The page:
Lionsgate // 2005 // 122 Minutes // Rated R
Reviewed by Judge Ryan Keefer (Retired) // January 18th, 2006
"There are over 550 million firearms in worldwide circulation. That's one firearm for every twelve people on the planet. The only question is: How do we arm the other eleven?"
For every blockbuster action film that Nicolas Cage appears in (National Treasure, Gone in Sixty Seconds), he gets to appear in some smaller scale, critically appreciated film (Adaptation., Matchstick Men). In Lord of War, written and directed by Andrew Niccol (Gattaca), he plays an international arms dealer. Is this latest attempt by the Oscar-winning Cage another Leaving Las Vegas or a sequel to Captain Corelli's Mandolin?
In Lord of War, Cage plays Yuri Orlov, a Ukrainian immigrant to the United States whose family moved to New York and whose father converted to Judaism. He works in the family cafeteria with his brother Vitaly (Jared Leto, Panic Room), but seems to be lacking focus in life. One day, he witnesses an event (a mob hit) that changes his life and, with the help of some Ukrainian relatives in the military, decides to start selling arms to countries and officials around the world.
Yuri lives the good life, with a model wife (played by Bridget Moynahan, I, Robot), who doesn't care to ask him how he makes his money. He also manages to carefully avoid the various attempts of capture and imprisonment by an Interpol agent named Jack Valentine (Ethan Hawke, Before Sunset). When Yuri is finally confronted by his business and its effects on others, he tries to fly the straight line for a little while, but things never seem to be as easy as that.
Lord of War starts off with a pretty clever three minute introduction that could easily have come from a David Fincher or Spike Jonze film. It shows the life cycle of a bullet, from its infancy in a factory to its ultimate trip through a man's head. This is not a cheery movie, and Yuri is clearly not a sympathetic character. He views the selling of arms as a business transaction that doesn't require his personal involvement or set of values, no matter how many scenes show nine year old boys using or being the victims of gun abuse.
Cage plays Yuri as a cold person without discussing any real regret or remorse for what he's doing until 90 minutes into the film and several years into Yuri's business endeavor. Unlike George Jung in Blow and Henry Hill in Goodfellas, you don't see Yuri Orlov's slide over to the other side of the fence. It's more of an assumption. Granted, Yuri is someone without redeeming qualities and perhaps that slide from a decent guy to a bad guy isn't what we're supposed to experience. Leto's performance as Vitaly isn't too bad either, but overall, seeing two American actors with Russian surnames that don't possess any accent of note is a little disconcerting. Ian Holm (The Fifth Element) appears in a co-starring role as a rival arms dealer, but the better performance may be Eamonn Walker (Tears of the Sun), who portrays the leader of a small African country named Andre Baptiste, a somewhat unstable leader whose son wants the gun that Rambo used. He's a fairly chilling character who exposes Yuri to a little more of the world than perhaps he wanted to see.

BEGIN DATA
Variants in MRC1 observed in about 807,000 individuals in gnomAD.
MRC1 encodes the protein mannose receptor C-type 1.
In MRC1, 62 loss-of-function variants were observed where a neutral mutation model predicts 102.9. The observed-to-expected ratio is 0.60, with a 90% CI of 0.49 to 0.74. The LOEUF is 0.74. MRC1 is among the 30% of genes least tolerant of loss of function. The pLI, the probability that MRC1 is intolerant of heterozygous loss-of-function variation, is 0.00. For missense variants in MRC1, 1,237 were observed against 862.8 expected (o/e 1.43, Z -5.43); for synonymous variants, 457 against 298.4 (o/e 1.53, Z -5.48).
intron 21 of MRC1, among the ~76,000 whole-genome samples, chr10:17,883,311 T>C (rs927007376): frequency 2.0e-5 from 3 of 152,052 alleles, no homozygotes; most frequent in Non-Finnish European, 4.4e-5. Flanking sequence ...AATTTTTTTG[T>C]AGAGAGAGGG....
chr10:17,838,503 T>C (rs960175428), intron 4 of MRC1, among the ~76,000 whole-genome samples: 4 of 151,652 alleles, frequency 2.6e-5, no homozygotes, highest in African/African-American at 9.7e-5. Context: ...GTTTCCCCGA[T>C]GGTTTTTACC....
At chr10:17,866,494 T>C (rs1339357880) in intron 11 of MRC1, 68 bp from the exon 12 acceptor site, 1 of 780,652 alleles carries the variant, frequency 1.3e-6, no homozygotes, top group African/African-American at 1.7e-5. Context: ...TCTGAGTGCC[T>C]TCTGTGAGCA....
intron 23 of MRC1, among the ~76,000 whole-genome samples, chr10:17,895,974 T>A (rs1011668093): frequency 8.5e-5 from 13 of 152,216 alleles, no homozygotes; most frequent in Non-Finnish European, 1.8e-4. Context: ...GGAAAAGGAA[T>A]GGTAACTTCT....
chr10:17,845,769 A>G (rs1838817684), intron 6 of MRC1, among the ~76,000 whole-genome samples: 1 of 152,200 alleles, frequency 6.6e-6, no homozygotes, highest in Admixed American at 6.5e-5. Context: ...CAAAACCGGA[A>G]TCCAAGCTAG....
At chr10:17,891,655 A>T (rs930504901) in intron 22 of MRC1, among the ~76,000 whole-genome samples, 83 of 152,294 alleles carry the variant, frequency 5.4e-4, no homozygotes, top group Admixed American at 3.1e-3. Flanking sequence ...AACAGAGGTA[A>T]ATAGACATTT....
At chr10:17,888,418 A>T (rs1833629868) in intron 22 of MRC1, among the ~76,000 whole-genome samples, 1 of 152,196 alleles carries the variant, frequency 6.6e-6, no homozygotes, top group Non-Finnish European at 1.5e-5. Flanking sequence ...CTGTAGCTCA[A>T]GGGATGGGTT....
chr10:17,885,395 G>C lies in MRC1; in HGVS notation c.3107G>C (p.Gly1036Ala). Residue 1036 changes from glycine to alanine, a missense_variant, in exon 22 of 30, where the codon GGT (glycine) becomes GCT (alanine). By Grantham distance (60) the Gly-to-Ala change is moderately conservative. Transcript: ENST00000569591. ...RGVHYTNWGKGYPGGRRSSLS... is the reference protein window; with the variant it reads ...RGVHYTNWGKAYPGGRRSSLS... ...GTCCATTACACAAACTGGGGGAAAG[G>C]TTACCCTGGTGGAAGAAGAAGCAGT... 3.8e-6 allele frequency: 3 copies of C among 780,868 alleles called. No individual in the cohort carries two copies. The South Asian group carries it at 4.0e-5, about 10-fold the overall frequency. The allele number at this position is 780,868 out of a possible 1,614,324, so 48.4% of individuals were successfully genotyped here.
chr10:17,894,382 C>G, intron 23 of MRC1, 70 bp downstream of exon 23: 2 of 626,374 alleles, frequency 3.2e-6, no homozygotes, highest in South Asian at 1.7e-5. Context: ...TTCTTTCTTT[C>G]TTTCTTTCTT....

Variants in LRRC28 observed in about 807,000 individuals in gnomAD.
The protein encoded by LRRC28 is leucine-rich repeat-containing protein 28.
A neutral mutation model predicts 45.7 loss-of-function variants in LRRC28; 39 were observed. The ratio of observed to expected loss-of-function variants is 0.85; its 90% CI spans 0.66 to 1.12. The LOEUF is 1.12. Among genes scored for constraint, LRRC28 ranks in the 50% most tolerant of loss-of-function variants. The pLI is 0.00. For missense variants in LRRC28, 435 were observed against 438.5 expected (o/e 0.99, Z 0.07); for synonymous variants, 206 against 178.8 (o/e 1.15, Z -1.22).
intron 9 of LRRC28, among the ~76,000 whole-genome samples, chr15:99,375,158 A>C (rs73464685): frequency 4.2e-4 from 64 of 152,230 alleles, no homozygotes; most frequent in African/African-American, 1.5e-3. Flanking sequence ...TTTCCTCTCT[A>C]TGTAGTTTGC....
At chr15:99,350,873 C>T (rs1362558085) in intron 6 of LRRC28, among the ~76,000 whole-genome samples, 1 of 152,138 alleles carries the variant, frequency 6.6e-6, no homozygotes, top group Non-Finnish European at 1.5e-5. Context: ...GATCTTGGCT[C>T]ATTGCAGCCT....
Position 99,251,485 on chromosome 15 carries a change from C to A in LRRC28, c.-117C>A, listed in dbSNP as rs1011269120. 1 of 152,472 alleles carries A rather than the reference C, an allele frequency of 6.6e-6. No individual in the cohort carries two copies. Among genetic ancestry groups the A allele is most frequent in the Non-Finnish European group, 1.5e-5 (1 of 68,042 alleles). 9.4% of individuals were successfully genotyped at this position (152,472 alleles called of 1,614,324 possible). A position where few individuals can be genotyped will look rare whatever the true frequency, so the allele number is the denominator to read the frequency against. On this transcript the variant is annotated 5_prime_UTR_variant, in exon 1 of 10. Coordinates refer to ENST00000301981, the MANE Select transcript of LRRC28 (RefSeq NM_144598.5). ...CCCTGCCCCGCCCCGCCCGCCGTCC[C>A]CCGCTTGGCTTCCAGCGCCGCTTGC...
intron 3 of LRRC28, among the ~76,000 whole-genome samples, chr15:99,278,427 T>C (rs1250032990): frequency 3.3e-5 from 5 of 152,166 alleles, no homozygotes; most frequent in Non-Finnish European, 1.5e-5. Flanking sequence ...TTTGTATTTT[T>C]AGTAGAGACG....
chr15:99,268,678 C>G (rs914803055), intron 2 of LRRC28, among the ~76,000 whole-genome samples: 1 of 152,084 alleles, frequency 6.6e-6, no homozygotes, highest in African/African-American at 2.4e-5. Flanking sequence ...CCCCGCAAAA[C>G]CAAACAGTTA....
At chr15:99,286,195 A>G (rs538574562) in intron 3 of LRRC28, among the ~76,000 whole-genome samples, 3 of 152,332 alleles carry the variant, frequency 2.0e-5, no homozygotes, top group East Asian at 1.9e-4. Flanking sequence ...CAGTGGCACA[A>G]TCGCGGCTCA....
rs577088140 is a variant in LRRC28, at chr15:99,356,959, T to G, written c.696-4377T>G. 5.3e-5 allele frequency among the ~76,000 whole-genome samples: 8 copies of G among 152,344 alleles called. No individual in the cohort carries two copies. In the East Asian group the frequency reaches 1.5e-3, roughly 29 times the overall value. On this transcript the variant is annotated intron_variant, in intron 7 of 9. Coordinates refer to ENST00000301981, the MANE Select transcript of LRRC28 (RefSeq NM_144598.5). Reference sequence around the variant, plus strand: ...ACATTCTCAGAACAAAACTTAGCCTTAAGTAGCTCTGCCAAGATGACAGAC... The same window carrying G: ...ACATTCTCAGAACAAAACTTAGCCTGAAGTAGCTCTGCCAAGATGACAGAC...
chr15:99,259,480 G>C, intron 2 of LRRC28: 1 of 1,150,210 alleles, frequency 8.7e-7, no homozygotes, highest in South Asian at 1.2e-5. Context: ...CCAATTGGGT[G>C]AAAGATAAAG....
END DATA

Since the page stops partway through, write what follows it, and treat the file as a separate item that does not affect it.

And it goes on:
Now, Niccol's script is full of clever quotes, one of my favorites being "After the Cold War, the AK-47 became Russia's biggest export. After that came vodka, caviar, and suicidal novelists." And some people may think that the film is a little bit preachy to the anti-gun choir, but I think that's hardly the underlying tone that one gathers from the film. It's a little more of a rumination of human nature, and that nature appears to be a violent one, subconscious or otherwise.
Above all else, the version of the film that appears on this disc is apparently not in its original aspect ratio. Even though the 1.78:1 anamorphic widescreen looks pretty good, it's not how the originally looked in the theaters. This is unforgivable and hopefully not part of a larger process going on with big studios.
>From a structure standpoint for the film, you can see the ending coming from way back in the second act. That makes this film a little bit unfulfilling. From a consumer standpoint, this is one in a rapidly growing series of releases where there's a bargain basement barebones release, and if you really loved the movie, you're going to have to pay another $5 or $10 for the special edition later on. Fans of the film will have to wait to enjoy that improved soundtrack and extras. Enough with this price gouging!
Just on the merits of the film alone, Lord of War isn't too bad, with some clever dialogue and dark humor that make it a welcome change of pace from other recent films. The film does run a little bit long in parts, but Cage's performance is another good work from the actor. This is definitely worth putting in one's Netflix queue.
Cage and Niccol are found not guilty; their work on the film is pretty good. Lions Gate does a solid job as well, and all parties are released on their recognizance.
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Scales of Justice
* 1.78:1 Anamorphic
* Dolby Digital 5.1 Surround (English)
* Dolby Digital 2.0 Stereo (English)
Running Time: 122 Minutes
Release Year: 2005
MPAA Rating: Rated R
* Official Site